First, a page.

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Young, wild and restless
Published on Friday, 26 Aug 2011
Illustration: Bay Leung

Reports that Hong Kong youths seem to be dissatisfied with their career development prospects could be a sign of their characteristic impatience. If true, it will do more damage than good to their careers.

A recent telephone survey of 816 local residents conducted by the Hong Kong Institute of Asia Pacific Studies (HKIAPS) of the Chinese University of Hong Kong indicated the city's young employees think there are fewer chances for career development today than there were for the previous generation.

The respondents were divided into three age groups: 18-30, 31-50, and over 51, numbering 437, 315 and 46, respectively. Overall, the 18-30 age group appeared more discontented than the others with their career prospects.

Asked whether Hong Kong provided adequate opportunities for career development compared with those available for the previous generations, 55.7 per cent of respondents aged 18-30 said they were inadequate, while 24.3 per cent said opportunities remained the same. Only 17.9 per cent found it hard to tell the difference.

In general, 55.1 per cent of all respondents said they enjoyed a better standard of living than the previous generations, while 45.8 per cent believed they are worse off than their parents in terms of career opportunities.

Commenting on the findings, Ian Strutton, director of human resources firm Manpower Professional, says the results may indicate a well-known mismatch between the expectations of young employees and the demands of the job market.

"I don't think there is a lack of opportunities. In fact, they have grown," he says, adding that organisations that had moved functions to countries with cheaper workforces such as Malaysia and India retrained employees who had lost their jobs. He also cited growing job opportunities in emerging regions such as northern China.

"But the lack of patience is a well-documented characteristic of these young employees. They want to have early promotions. They need to exercise patience on the job, and stay and perform in that job and demonstrate their contribution to the organisation," Strutton says.

He notes there is a difference in the career paths between every generation of youths and their parents. Previous generations had a job for life and worked about 10 to 15 years in an organisation. In contrast, there is increased career mobility today and young candidates are more loyal to their profession than to the company. However, they need to be patient, Strutton says. They should try to hold on to their jobs and prove that they are an asset to their employers, even as they develop problem-solving and critical thinking skills, which are essential if they want to get ahead in their careers.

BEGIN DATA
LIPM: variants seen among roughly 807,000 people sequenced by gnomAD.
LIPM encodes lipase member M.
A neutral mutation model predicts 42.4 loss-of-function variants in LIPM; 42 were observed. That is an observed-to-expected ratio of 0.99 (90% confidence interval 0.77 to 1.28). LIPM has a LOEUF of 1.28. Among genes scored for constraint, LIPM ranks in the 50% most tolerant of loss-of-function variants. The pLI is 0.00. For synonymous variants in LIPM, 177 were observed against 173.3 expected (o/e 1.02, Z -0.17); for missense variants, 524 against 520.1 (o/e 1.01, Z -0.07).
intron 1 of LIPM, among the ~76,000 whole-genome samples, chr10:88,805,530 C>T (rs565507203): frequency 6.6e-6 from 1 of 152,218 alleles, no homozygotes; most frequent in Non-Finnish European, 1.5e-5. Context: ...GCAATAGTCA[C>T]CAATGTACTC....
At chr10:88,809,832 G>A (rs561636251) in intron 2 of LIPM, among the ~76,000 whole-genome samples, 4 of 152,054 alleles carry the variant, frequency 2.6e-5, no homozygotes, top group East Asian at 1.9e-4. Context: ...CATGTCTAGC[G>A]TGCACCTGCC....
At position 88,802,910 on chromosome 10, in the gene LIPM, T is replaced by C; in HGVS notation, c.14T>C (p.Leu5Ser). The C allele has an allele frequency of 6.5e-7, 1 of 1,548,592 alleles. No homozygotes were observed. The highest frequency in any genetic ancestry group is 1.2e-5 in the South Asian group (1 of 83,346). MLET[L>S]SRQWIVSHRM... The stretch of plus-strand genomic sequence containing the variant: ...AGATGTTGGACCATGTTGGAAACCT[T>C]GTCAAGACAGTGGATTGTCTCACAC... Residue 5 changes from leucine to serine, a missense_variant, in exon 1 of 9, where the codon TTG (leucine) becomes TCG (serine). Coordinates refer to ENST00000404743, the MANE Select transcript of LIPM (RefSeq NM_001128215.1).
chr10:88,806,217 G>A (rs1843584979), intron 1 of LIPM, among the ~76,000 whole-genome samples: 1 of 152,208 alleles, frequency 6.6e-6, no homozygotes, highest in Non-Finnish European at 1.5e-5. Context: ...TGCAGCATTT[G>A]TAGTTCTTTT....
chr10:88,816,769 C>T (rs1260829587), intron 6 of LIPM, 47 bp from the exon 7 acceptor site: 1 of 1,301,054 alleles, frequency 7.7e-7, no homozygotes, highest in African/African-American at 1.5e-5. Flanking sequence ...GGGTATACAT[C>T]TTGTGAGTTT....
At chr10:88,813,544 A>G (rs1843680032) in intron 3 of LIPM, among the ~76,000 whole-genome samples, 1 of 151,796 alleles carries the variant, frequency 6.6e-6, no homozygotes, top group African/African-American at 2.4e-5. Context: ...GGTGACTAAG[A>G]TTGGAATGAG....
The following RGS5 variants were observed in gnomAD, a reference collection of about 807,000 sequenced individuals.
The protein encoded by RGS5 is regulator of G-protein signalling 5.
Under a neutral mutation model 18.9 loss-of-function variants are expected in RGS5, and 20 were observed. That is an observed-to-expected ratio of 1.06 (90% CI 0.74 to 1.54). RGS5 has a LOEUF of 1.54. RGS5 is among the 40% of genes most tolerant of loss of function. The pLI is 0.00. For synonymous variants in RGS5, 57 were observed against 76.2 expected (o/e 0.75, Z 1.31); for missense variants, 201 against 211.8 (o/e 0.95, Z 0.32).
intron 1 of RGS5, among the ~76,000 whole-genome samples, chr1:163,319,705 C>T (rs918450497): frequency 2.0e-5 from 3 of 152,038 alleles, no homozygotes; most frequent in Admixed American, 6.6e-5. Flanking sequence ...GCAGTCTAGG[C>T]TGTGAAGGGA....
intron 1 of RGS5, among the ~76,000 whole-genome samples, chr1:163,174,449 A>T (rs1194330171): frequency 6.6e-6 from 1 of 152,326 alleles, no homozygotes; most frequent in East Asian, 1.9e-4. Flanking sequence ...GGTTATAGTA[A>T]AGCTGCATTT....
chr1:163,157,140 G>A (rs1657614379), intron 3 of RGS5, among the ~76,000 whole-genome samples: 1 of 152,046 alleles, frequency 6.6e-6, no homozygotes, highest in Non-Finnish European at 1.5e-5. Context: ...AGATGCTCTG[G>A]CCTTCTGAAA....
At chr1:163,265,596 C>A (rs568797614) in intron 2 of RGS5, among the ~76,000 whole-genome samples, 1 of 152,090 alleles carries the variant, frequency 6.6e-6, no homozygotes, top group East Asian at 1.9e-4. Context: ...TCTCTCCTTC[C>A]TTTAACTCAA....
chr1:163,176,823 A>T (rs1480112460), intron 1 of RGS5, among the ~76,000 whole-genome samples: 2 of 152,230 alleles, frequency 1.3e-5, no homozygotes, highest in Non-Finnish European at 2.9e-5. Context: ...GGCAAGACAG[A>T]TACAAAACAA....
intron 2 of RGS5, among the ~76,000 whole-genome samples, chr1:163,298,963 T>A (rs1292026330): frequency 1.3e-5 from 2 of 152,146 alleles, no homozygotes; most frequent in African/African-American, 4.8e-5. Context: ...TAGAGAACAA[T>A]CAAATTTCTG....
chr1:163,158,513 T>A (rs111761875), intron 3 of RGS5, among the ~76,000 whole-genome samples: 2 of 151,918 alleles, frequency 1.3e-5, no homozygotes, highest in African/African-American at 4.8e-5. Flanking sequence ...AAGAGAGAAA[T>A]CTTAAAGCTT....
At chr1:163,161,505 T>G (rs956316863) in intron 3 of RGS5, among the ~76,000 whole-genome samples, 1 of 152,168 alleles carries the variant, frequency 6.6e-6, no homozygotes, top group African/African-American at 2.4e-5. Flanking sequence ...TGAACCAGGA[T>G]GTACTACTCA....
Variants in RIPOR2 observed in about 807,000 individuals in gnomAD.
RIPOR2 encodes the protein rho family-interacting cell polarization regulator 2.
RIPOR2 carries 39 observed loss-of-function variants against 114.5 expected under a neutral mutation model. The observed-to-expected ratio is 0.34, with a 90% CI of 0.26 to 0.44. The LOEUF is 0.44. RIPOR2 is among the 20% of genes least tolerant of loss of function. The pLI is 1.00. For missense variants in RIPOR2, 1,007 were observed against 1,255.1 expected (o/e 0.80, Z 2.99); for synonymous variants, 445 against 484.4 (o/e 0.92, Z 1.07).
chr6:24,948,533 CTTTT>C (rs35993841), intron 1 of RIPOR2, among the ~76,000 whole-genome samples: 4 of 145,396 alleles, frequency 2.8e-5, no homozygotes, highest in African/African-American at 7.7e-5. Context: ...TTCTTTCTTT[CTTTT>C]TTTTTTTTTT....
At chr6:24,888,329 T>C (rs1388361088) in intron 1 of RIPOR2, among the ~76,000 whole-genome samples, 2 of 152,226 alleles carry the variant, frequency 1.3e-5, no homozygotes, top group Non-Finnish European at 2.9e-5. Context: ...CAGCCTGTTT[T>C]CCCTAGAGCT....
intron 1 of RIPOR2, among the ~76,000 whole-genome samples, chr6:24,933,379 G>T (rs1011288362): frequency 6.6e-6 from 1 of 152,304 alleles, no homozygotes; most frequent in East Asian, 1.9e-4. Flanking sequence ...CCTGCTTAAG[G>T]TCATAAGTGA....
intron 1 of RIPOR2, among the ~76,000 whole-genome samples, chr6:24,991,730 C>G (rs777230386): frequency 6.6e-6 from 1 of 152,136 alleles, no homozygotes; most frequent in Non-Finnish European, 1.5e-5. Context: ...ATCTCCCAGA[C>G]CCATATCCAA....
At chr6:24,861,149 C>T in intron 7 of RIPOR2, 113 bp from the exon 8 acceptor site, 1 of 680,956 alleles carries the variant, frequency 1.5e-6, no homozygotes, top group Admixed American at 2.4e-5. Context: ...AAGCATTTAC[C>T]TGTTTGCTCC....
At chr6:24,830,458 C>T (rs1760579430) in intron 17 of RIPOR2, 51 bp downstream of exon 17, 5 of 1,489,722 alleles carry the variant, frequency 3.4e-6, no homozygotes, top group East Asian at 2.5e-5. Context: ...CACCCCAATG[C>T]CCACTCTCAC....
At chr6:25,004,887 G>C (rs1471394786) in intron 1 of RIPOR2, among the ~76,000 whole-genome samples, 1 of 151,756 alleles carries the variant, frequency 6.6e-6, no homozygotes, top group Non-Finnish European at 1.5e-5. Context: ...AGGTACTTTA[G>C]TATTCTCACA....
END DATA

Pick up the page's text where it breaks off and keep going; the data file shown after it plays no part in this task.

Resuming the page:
"Clearly, in any country, the educational system takes you up to a certain point, but then you go into the commercial world and start your first job where there is a whole range of skills you need to develop," Strutton says. "If you take critical thinking skills, the educational system can teach you that up to a certain degree, but it's only when you are really working for a company that you develop and refine those skills in a working environment."

He says young employees need to develop such skills while their employers have to provide opportunities. "In time, say, two years, if that employee doesn't see opportunities in that organisation, then he can plan his next career move," says Strutton.

"It is important not to change jobs so quickly. Sometimes, I see candidates who move jobs regularly. I have seen candidates who have stayed in a job for four months and moved to another for six months. To do that is a disadvantage to that candidate's ability to progress in his career," he adds.

HKIAPS spokesman Professor Stephen Law says the survey was an exploratory study of social mobility in Hong Kong and had not probed specifics. Its primary focus was whether the public in general feel there are adequate opportunities for social mobility here.


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